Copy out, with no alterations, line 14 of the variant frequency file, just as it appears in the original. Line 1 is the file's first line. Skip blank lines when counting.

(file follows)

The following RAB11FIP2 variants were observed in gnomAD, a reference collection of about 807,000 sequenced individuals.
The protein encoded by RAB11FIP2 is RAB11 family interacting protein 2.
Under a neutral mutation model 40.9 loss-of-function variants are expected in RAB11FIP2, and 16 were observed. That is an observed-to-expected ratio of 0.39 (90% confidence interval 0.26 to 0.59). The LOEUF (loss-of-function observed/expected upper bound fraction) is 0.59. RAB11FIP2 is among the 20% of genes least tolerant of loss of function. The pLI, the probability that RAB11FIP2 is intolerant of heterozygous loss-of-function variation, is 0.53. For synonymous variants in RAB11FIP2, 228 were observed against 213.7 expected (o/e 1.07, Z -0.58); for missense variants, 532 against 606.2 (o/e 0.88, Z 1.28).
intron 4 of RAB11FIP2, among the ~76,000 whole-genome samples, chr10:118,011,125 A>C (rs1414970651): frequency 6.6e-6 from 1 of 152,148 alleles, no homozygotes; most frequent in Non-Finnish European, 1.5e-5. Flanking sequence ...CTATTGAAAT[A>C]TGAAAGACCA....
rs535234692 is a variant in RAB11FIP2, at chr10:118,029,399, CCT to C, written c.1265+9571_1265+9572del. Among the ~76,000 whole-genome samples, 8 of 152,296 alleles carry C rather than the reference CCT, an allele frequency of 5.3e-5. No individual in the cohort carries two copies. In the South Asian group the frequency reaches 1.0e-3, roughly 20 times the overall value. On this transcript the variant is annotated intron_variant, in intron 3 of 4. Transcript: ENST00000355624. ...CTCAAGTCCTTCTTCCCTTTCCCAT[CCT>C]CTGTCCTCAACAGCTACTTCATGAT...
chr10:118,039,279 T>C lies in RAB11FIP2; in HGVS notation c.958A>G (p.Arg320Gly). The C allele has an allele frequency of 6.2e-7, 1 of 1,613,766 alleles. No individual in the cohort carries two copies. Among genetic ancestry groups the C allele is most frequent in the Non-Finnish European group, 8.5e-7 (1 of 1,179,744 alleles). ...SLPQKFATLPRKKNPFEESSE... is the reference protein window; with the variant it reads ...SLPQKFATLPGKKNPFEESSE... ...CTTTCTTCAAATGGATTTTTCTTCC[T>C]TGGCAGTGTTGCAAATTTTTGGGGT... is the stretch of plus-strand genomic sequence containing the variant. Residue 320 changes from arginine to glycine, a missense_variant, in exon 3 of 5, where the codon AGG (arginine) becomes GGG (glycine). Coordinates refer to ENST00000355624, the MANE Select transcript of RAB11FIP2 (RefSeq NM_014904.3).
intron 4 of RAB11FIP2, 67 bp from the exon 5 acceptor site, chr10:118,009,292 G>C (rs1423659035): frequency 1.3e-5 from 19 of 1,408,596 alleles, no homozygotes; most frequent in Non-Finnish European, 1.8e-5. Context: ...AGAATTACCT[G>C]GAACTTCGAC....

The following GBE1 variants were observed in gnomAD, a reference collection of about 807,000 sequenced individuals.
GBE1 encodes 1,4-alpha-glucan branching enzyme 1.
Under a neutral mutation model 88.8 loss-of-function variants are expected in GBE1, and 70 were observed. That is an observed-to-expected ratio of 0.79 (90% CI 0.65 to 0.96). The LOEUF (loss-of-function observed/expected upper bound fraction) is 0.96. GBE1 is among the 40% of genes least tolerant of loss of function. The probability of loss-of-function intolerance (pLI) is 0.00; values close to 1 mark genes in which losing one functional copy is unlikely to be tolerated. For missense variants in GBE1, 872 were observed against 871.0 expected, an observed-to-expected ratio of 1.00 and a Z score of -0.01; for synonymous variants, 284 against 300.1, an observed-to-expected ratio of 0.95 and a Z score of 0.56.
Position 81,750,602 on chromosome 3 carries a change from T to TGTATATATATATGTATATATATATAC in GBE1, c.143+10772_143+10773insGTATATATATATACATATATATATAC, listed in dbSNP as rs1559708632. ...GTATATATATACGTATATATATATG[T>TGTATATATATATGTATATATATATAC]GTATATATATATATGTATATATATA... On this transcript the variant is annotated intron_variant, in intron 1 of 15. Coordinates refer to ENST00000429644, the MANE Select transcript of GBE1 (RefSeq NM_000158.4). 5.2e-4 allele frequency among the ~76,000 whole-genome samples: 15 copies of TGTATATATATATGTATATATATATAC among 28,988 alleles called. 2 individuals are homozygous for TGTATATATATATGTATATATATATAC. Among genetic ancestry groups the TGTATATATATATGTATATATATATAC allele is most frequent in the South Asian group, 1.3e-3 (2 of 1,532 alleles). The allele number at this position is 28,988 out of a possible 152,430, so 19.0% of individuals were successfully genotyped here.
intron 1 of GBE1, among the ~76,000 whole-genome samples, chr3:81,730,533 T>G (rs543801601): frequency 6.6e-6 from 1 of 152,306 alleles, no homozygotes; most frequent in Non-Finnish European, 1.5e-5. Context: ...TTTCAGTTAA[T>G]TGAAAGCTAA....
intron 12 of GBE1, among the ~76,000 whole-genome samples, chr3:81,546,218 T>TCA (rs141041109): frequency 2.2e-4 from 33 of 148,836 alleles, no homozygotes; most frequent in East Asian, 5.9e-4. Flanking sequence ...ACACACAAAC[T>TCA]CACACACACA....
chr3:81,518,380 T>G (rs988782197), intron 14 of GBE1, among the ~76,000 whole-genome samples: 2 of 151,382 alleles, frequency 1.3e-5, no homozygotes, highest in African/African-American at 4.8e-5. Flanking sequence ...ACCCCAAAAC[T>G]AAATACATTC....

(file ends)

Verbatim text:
chr3:81,518,380 T>G (rs988782197), intron 14 of GBE1, among the ~76,000 whole-genome samples: 2 of 151,382 alleles, frequency 1.3e-5, no homozygotes, highest in African/African-American at 4.8e-5. Flanking sequence ...ACCCCAAAAC[T>G]AAATACATTC....